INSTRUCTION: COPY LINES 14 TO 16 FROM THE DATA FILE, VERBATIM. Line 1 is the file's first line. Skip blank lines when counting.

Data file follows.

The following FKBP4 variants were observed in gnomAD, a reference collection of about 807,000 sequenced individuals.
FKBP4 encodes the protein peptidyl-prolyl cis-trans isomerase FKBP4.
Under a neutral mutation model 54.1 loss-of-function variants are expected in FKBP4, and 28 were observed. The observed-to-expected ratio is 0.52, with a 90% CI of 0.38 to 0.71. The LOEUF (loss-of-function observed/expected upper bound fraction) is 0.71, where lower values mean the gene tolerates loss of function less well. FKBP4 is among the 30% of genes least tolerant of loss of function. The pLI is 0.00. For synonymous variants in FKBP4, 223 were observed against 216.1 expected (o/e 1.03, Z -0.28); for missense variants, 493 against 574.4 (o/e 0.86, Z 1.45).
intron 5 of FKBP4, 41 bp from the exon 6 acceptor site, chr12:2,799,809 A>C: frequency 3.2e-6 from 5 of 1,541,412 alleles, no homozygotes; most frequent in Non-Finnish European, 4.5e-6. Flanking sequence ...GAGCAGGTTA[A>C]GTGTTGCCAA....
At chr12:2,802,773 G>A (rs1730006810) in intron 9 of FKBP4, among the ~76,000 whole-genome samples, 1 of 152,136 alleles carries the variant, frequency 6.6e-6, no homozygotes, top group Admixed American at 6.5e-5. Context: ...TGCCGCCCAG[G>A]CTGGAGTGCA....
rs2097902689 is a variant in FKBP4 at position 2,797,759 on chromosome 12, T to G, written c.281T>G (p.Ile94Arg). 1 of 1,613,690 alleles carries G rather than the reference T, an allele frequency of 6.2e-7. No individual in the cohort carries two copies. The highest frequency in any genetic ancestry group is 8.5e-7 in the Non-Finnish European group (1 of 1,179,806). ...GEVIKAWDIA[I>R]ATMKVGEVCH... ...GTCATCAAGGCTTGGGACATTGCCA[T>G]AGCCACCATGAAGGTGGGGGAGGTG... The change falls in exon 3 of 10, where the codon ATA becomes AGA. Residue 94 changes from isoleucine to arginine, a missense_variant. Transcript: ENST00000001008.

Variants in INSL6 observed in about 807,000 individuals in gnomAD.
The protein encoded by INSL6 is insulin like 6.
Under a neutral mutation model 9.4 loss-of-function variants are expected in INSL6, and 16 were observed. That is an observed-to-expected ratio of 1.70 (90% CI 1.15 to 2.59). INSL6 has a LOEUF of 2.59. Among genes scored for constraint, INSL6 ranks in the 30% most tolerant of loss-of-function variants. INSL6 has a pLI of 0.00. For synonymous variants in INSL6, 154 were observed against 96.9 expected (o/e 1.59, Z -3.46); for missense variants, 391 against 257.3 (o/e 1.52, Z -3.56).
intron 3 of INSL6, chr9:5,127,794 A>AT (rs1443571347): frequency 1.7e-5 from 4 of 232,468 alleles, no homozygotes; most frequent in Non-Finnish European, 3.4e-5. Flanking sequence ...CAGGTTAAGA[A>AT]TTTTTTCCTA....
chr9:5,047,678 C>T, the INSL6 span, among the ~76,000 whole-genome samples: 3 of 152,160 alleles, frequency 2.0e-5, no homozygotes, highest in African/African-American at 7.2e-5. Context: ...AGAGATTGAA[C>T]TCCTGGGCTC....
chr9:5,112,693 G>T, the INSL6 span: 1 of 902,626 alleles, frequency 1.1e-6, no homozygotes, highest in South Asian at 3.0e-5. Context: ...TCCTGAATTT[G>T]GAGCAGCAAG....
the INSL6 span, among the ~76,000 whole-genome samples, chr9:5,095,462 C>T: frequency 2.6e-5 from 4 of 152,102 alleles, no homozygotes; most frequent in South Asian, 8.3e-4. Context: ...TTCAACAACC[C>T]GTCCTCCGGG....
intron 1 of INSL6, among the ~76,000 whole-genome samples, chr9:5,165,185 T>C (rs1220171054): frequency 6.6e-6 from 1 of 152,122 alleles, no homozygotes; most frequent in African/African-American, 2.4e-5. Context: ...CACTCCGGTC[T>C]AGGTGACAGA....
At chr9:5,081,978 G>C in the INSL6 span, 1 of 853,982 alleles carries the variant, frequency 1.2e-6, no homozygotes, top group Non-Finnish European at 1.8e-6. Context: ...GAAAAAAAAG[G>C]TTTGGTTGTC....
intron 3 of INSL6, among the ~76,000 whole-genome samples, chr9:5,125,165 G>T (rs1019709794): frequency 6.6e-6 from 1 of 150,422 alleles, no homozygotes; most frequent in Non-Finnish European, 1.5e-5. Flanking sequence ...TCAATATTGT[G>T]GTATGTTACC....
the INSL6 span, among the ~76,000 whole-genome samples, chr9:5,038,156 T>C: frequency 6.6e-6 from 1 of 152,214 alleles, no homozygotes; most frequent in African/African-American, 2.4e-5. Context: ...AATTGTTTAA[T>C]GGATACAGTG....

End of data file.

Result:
intron 1 of INSL6, among the ~76,000 whole-genome samples, chr9:5,165,185 T>C (rs1220171054): frequency 6.6e-6 from 1 of 152,122 alleles, no homozygotes; most frequent in African/African-American, 2.4e-5. Context: ...CACTCCGGTC[T>C]AGGTGACAGA....
At chr9:5,081,978 G>C in the INSL6 span, 1 of 853,982 alleles carries the variant, frequency 1.2e-6, no homozygotes, top group Non-Finnish European at 1.8e-6. Context: ...GAAAAAAAAG[G>C]TTTGGTTGTC....
intron 3 of INSL6, among the ~76,000 whole-genome samples, chr9:5,125,165 G>T (rs1019709794): frequency 6.6e-6 from 1 of 150,422 alleles, no homozygotes; most frequent in Non-Finnish European, 1.5e-5. Flanking sequence ...TCAATATTGT[G>T]GTATGTTACC....